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    “Loser’s Privilege” is an ancient and powerful doctrine, seldom seen or used, but can come up in rare occasions. Legend tells its origins were in Shogun games and the massive battles between Daimyos and Ronin armies amongst castles, the dice flopping hard for one side and the loser flipping the board as the ultimate gesture of defeat. A strange form of board game Seppuku.

    The strict legal conditions to justify usage of “Loser’s Privilege” are as follows:

    1. Loser’s Privilege can only arise after a battle decided by dice in a game involving three or more players, and only the attacker may invoke the right.

    2. The battle in question must be between overwhelmingly in favor to close to 50/50 for the attacker. Attacks at less than 50% are insufficient prerequisites. Before the battle, any player can demand as a matter of right that the odds of victory be verified by an objective measurement. Best practices recommend usage of battle calculator or a “low-luck” analysis.

    3. The battle in question must be decisive for the entire game and declared as such by the attacker. This must be acknowledged by everyone at the table either explicitly or implicitly. Best practices recommend the attacker declare the battle to be “for the game,” “decisive” or other such effective language. This declaration must be received and acknowledged by the other players. Again best practices recommend usage of a recording of some sort to verify.

    4. If any players object to the declaration that the battle in question is decisive, the objection will be sustained and the declaration voided if all other players to the game, excluding the attacker, agree with the objection. Otherwise, the objection is overruled. However, any player who did register an objection that was overruled can “Appeal” the declaration. See below.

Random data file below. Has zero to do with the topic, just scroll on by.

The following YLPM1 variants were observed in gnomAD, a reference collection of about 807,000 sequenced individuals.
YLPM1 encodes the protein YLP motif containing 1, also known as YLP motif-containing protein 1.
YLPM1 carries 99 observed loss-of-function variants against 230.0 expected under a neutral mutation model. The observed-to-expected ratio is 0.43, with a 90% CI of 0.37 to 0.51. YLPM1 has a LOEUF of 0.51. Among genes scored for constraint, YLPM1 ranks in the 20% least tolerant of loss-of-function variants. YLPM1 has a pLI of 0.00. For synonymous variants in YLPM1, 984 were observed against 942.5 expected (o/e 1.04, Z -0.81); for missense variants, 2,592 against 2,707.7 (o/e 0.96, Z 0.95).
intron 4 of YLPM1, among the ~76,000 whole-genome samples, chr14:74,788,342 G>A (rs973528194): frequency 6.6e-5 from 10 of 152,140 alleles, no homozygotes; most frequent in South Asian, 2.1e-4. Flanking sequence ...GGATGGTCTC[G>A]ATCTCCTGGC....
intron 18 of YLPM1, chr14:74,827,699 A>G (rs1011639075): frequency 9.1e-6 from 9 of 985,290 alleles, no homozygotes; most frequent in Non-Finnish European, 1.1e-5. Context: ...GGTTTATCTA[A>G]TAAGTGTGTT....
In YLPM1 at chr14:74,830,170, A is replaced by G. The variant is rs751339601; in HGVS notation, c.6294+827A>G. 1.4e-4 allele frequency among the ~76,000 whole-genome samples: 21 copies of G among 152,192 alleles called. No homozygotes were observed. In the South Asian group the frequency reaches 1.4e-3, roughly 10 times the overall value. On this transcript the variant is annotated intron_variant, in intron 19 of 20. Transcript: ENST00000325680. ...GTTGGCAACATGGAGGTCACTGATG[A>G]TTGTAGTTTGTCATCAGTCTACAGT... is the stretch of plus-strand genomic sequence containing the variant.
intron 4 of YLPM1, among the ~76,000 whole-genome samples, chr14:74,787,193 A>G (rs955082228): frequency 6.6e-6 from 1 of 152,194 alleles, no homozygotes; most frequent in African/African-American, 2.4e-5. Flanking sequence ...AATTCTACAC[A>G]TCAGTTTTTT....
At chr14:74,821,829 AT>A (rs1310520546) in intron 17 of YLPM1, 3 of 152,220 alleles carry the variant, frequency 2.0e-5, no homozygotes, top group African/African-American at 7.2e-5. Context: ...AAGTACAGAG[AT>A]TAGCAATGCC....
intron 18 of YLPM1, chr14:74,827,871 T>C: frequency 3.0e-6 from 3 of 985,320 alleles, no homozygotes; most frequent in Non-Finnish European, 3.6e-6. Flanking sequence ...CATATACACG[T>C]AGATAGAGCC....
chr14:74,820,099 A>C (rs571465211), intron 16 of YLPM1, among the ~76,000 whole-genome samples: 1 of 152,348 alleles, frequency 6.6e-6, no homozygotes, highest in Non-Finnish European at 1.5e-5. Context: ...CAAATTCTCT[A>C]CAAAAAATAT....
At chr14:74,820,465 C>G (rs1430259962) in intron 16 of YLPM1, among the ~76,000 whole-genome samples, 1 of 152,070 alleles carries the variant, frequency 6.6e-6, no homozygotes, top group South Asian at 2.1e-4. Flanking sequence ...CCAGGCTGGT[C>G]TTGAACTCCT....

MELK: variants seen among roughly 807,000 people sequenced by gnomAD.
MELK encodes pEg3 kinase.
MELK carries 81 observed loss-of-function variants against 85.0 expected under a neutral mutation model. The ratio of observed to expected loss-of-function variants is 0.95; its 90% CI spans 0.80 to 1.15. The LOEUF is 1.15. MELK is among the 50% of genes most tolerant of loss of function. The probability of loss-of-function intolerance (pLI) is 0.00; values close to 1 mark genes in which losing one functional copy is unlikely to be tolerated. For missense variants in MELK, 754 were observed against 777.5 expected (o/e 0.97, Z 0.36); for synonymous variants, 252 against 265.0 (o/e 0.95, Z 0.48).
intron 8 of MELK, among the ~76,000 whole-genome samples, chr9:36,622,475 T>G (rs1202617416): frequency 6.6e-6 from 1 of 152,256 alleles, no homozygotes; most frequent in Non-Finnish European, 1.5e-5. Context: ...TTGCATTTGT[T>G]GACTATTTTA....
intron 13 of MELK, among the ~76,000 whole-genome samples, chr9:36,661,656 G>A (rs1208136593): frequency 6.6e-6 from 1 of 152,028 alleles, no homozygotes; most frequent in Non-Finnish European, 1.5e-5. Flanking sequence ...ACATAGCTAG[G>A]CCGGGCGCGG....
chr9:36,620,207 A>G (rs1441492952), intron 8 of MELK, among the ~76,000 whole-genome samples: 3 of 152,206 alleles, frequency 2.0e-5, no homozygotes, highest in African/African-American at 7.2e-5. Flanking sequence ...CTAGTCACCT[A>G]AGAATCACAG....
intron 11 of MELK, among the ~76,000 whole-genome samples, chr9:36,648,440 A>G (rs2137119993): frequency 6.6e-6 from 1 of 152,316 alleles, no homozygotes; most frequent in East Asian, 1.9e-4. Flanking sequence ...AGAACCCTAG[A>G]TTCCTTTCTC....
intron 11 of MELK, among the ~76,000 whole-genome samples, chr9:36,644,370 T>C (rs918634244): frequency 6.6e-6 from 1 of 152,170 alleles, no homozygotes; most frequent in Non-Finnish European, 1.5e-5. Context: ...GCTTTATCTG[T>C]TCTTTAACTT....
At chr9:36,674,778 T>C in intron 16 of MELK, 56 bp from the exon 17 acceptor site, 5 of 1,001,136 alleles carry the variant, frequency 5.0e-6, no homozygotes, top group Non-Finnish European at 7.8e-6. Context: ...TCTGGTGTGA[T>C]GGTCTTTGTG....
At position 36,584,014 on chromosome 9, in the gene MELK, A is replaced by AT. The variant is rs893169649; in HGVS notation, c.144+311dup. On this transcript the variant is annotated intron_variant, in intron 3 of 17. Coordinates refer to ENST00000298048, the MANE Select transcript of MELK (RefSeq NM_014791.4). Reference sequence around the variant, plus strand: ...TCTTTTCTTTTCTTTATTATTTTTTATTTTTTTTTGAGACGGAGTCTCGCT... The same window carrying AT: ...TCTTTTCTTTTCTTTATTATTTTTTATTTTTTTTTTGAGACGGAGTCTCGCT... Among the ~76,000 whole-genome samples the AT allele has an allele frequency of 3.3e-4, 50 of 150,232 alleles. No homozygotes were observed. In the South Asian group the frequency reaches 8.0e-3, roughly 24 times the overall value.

5. If conditions 1 through 4 above are met, the attacker may then conduct the attack with the option of invoking Loser’s Privilege. To invoke Loser’s Privilege the attacker must lose the battle. Any type of loss is sufficient. However, a victory at a cost greater than expected by the attacker is insufficient to allow the privilege, this includes ties.

    6. After the battle in question has concluded and the battle was lost by the attacker, but before the invocation of Loser’s Privilege, any player who made an objection that was overruled per step 4 above may Appeal the determination of the objection. The appeal is resolved by a vote of the players over whether the battle in question should be redone using low-luck. If a majority agrees to do so, then the battle shall be redone accordingly. In games with an even number of players, any tie vote will be decided by die roll: result 1-3, then no low-luck reroll; result 4-6, then low-luck reroll. There is no Loser’s Privilege right for any attack done according to low-luck.

    7. If the attacker loses the battle, all conditions above are met and there was no successful appeal, he then may proceed to invoke Loser’s Privilege by physically destroying the setup of the game as it stands immediately after the battle in question to such an extent so the game can no longer be playable. Best practices recommend the player invoking Loser’s Privileged use his best judgment in destroying the setup necessary to make the game unplayable but not so as to create an inordinate mess that would result in an excessively long cleanup time.

    Historical Exception: a player who successfully invokes Loser’s Privilege in a Shogun, Ikusa or any original Milton Bradley Game Masters series game may by right physically flip the board.

    1. If a player invokes Loser’s Privilege but fails to meet any condition above or fails to acknowledge a successful appeal, then that player must clean up the entire game.

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    See here for legislative commentary on the code:

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